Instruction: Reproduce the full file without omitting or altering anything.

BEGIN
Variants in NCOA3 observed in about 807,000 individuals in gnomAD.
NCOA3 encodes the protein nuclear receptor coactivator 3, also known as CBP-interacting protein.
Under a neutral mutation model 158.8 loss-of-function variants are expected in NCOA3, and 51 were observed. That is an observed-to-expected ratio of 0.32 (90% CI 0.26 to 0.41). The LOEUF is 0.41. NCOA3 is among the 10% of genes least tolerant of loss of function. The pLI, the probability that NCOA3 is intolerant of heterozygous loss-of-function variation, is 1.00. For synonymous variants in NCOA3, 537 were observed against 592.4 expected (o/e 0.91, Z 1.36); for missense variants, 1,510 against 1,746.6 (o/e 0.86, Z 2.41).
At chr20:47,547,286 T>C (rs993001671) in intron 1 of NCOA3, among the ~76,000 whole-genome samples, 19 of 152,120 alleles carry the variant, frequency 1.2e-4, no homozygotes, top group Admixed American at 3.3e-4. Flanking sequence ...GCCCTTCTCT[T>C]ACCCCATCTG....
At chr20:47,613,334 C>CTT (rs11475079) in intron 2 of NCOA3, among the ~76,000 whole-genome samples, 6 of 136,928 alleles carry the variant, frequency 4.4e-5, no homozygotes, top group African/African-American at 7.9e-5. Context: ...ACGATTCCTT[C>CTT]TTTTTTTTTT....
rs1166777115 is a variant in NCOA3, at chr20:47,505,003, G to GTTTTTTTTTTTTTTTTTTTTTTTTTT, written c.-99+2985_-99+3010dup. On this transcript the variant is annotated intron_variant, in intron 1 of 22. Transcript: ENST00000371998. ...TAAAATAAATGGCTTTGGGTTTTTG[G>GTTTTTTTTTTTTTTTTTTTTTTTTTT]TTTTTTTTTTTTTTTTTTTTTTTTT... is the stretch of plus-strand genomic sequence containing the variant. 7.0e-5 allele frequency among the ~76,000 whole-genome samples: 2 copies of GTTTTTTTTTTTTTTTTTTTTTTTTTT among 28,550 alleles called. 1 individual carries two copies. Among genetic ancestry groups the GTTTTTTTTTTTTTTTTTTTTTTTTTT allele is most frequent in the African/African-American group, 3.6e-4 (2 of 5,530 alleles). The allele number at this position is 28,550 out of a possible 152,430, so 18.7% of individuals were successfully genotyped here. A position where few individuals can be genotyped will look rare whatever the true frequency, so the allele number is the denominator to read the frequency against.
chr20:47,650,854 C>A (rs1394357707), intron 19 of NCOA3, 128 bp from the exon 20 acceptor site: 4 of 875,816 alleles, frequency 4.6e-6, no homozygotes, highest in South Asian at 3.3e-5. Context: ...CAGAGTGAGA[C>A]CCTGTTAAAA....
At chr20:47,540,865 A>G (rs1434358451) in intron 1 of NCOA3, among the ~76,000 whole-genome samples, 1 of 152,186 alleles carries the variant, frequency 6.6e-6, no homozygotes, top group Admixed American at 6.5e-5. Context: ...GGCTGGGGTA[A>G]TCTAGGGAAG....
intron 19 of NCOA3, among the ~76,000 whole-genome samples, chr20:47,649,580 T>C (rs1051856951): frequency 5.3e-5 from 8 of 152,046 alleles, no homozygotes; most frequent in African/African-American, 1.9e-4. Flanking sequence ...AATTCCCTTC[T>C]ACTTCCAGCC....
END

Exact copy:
Variants in NCOA3 observed in about 807,000 individuals in gnomAD.
NCOA3 encodes the protein nuclear receptor coactivator 3, also known as CBP-interacting protein.
Under a neutral mutation model 158.8 loss-of-function variants are expected in NCOA3, and 51 were observed. That is an observed-to-expected ratio of 0.32 (90% CI 0.26 to 0.41). The LOEUF is 0.41. NCOA3 is among the 10% of genes least tolerant of loss of function. The pLI, the probability that NCOA3 is intolerant of heterozygous loss-of-function variation, is 1.00. For synonymous variants in NCOA3, 537 were observed against 592.4 expected (o/e 0.91, Z 1.36); for missense variants, 1,510 against 1,746.6 (o/e 0.86, Z 2.41).
At chr20:47,547,286 T>C (rs993001671) in intron 1 of NCOA3, among the ~76,000 whole-genome samples, 19 of 152,120 alleles carry the variant, frequency 1.2e-4, no homozygotes, top group Admixed American at 3.3e-4. Flanking sequence ...GCCCTTCTCT[T>C]ACCCCATCTG....
At chr20:47,613,334 C>CTT (rs11475079) in intron 2 of NCOA3, among the ~76,000 whole-genome samples, 6 of 136,928 alleles carry the variant, frequency 4.4e-5, no homozygotes, top group African/African-American at 7.9e-5. Context: ...ACGATTCCTT[C>CTT]TTTTTTTTTT....
rs1166777115 is a variant in NCOA3, at chr20:47,505,003, G to GTTTTTTTTTTTTTTTTTTTTTTTTTT, written c.-99+2985_-99+3010dup. On this transcript the variant is annotated intron_variant, in intron 1 of 22. Transcript: ENST00000371998. ...TAAAATAAATGGCTTTGGGTTTTTG[G>GTTTTTTTTTTTTTTTTTTTTTTTTTT]TTTTTTTTTTTTTTTTTTTTTTTTT... is the stretch of plus-strand genomic sequence containing the variant. 7.0e-5 allele frequency among the ~76,000 whole-genome samples: 2 copies of GTTTTTTTTTTTTTTTTTTTTTTTTTT among 28,550 alleles called. 1 individual carries two copies. Among genetic ancestry groups the GTTTTTTTTTTTTTTTTTTTTTTTTTT allele is most frequent in the African/African-American group, 3.6e-4 (2 of 5,530 alleles). The allele number at this position is 28,550 out of a possible 152,430, so 18.7% of individuals were successfully genotyped here. A position where few individuals can be genotyped will look rare whatever the true frequency, so the allele number is the denominator to read the frequency against.
chr20:47,650,854 C>A (rs1394357707), intron 19 of NCOA3, 128 bp from the exon 20 acceptor site: 4 of 875,816 alleles, frequency 4.6e-6, no homozygotes, highest in South Asian at 3.3e-5. Context: ...CAGAGTGAGA[C>A]CCTGTTAAAA....
At chr20:47,540,865 A>G (rs1434358451) in intron 1 of NCOA3, among the ~76,000 whole-genome samples, 1 of 152,186 alleles carries the variant, frequency 6.6e-6, no homozygotes, top group Admixed American at 6.5e-5. Context: ...GGCTGGGGTA[A>G]TCTAGGGAAG....
intron 19 of NCOA3, among the ~76,000 whole-genome samples, chr20:47,649,580 T>C (rs1051856951): frequency 5.3e-5 from 8 of 152,046 alleles, no homozygotes; most frequent in African/African-American, 1.9e-4. Flanking sequence ...AATTCCCTTC[T>C]ACTTCCAGCC....